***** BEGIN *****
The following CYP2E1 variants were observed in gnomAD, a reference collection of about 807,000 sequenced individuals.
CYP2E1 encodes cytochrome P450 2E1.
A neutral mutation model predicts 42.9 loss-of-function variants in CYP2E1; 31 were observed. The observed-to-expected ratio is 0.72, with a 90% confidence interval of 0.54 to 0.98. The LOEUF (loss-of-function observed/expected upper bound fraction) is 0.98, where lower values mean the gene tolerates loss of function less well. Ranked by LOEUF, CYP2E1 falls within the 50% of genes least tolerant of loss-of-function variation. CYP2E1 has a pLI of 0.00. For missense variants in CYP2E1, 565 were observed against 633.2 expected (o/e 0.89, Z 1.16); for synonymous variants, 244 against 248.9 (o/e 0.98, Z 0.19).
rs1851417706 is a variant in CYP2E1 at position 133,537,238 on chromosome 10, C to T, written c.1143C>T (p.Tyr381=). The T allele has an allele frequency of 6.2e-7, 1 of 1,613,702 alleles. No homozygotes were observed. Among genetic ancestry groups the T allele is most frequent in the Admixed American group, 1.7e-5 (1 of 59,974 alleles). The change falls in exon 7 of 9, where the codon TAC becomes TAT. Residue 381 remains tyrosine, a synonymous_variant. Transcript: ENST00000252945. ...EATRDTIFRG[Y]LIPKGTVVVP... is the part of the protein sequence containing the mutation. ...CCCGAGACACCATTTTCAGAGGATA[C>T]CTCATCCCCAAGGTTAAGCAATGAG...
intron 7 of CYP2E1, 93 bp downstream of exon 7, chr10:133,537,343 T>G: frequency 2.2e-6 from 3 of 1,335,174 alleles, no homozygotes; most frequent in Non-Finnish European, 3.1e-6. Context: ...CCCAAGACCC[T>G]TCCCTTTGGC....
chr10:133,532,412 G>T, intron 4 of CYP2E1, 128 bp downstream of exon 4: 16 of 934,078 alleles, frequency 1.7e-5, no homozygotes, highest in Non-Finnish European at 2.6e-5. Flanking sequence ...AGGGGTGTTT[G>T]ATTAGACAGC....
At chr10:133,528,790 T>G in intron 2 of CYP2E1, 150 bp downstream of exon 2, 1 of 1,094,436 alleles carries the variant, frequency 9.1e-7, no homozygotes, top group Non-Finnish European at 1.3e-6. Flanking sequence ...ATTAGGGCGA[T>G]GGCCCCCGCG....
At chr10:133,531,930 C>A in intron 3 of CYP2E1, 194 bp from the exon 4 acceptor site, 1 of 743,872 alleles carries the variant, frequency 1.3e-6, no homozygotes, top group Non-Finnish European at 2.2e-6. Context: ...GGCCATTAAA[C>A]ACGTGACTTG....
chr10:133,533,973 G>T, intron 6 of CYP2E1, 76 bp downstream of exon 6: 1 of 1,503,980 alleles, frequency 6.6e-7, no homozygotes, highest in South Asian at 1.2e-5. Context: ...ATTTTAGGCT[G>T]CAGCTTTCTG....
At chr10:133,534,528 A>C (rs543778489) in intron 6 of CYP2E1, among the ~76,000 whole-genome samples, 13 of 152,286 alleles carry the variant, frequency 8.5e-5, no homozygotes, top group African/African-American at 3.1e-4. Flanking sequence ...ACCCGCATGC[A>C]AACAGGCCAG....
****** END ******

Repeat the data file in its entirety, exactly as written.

The following CYP2E1 variants were observed in gnomAD, a reference collection of about 807,000 sequenced individuals.
CYP2E1 encodes cytochrome P450 2E1.
A neutral mutation model predicts 42.9 loss-of-function variants in CYP2E1; 31 were observed. The observed-to-expected ratio is 0.72, with a 90% confidence interval of 0.54 to 0.98. The LOEUF (loss-of-function observed/expected upper bound fraction) is 0.98, where lower values mean the gene tolerates loss of function less well. Ranked by LOEUF, CYP2E1 falls within the 50% of genes least tolerant of loss-of-function variation. CYP2E1 has a pLI of 0.00. For missense variants in CYP2E1, 565 were observed against 633.2 expected (o/e 0.89, Z 1.16); for synonymous variants, 244 against 248.9 (o/e 0.98, Z 0.19).
rs1851417706 is a variant in CYP2E1 at position 133,537,238 on chromosome 10, C to T, written c.1143C>T (p.Tyr381=). The T allele has an allele frequency of 6.2e-7, 1 of 1,613,702 alleles. No homozygotes were observed. Among genetic ancestry groups the T allele is most frequent in the Admixed American group, 1.7e-5 (1 of 59,974 alleles). The change falls in exon 7 of 9, where the codon TAC becomes TAT. Residue 381 remains tyrosine, a synonymous_variant. Transcript: ENST00000252945. ...EATRDTIFRG[Y]LIPKGTVVVP... is the part of the protein sequence containing the mutation. ...CCCGAGACACCATTTTCAGAGGATA[C>T]CTCATCCCCAAGGTTAAGCAATGAG...
intron 7 of CYP2E1, 93 bp downstream of exon 7, chr10:133,537,343 T>G: frequency 2.2e-6 from 3 of 1,335,174 alleles, no homozygotes; most frequent in Non-Finnish European, 3.1e-6. Context: ...CCCAAGACCC[T>G]TCCCTTTGGC....
chr10:133,532,412 G>T, intron 4 of CYP2E1, 128 bp downstream of exon 4: 16 of 934,078 alleles, frequency 1.7e-5, no homozygotes, highest in Non-Finnish European at 2.6e-5. Flanking sequence ...AGGGGTGTTT[G>T]ATTAGACAGC....
At chr10:133,528,790 T>G in intron 2 of CYP2E1, 150 bp downstream of exon 2, 1 of 1,094,436 alleles carries the variant, frequency 9.1e-7, no homozygotes, top group Non-Finnish European at 1.3e-6. Flanking sequence ...ATTAGGGCGA[T>G]GGCCCCCGCG....
At chr10:133,531,930 C>A in intron 3 of CYP2E1, 194 bp from the exon 4 acceptor site, 1 of 743,872 alleles carries the variant, frequency 1.3e-6, no homozygotes, top group Non-Finnish European at 2.2e-6. Context: ...GGCCATTAAA[C>A]ACGTGACTTG....
chr10:133,533,973 G>T, intron 6 of CYP2E1, 76 bp downstream of exon 6: 1 of 1,503,980 alleles, frequency 6.6e-7, no homozygotes, highest in South Asian at 1.2e-5. Context: ...ATTTTAGGCT[G>T]CAGCTTTCTG....
At chr10:133,534,528 A>C (rs543778489) in intron 6 of CYP2E1, among the ~76,000 whole-genome samples, 13 of 152,286 alleles carry the variant, frequency 8.5e-5, no homozygotes, top group African/African-American at 3.1e-4. Flanking sequence ...ACCCGCATGC[A>C]AACAGGCCAG....